Only half of the total bio-medical waste generated in the country is treated according to rules while the rest is dumped with municipal solid waste, posing a risk to environment and human health, according to a recent study.

Out of 42,0461 kg/day of waste generation, only 24,0682 kg is treated and as many as 14,959 hospitals have been served show cause notices as defaulters, according to the report prepared by Indian Institute of Management (IIM), Lucknow.

“Presently 50 per cent - 55 per cent of bio-medical wastes is collected, segregated and treated as per Bio-medical Waste Management Rules. Rest is dumped with municipal solid wastes,” it says.

Out of 84,809 hospitals, only 48,183 are either using common bio-medical waste treatment facilities (which are 170 in number) or have engaged private agencies.

Giving details of the facilities at the hospital, the study points out that there are 391 incinerators, 2,562 autoclaves, 458 microwaves, 145 hydroclaves and 6,047 shredders in operation.

Generally bio-medical waste is classified into infectious waste and non-infectious waste categories. If infectious waste is not disposed off scientifically, it could contaminate non-infectious waste, threatening local community.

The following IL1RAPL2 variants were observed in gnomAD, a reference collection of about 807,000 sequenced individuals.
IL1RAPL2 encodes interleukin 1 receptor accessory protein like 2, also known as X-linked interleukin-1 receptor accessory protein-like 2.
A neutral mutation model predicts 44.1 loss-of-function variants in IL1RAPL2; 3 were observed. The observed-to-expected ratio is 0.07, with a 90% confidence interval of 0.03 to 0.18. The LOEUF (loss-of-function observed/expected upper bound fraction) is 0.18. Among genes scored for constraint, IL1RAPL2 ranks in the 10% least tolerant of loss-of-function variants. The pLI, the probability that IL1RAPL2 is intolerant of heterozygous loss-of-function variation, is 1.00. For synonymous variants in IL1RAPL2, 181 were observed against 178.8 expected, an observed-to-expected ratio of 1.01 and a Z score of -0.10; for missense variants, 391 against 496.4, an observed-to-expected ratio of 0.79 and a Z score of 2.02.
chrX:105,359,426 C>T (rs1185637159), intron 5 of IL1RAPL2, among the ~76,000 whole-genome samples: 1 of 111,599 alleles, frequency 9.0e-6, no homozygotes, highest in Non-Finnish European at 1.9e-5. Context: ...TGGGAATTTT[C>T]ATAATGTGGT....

The Biomedical Waste Management Act, 1998, mandates hospitals to handle their wastes in an environmentally and scientifically sound manner.

The IIM which conducted the study on behalf of the environment ministry to evaluate the performance of the Central Pollution Control Board (CPCB) points out that number of Common Bio-medical Wastes Treatment Facility (CBMWTF) has to be increased manifold.

The incineration of infectious medical wastes is mandatory for hospitals in the country, but many hospitals either do not have this facility or the machines are lying idle.

“Presently there are 157 facilities which are not adequate to handle all bio medical wastes generated. CBMWTF is to be set-up under Public Private Partnership (PPP) mode,” the report says.

Stressing that new technologies have to be promoted for destruction of toxic bio-medical wastes, it says the government is developing plasma technology for incinerating 50 tonnes per hour of biomedical waste.

With a rise in healthcare facilities and hospitals, the Central Pollution Control Board has set a target to treat 17,9779 kg/d of bio-medical waste by 2012 and adequate common facilities to treat the total waste generated in each state by 2022, the study adds.

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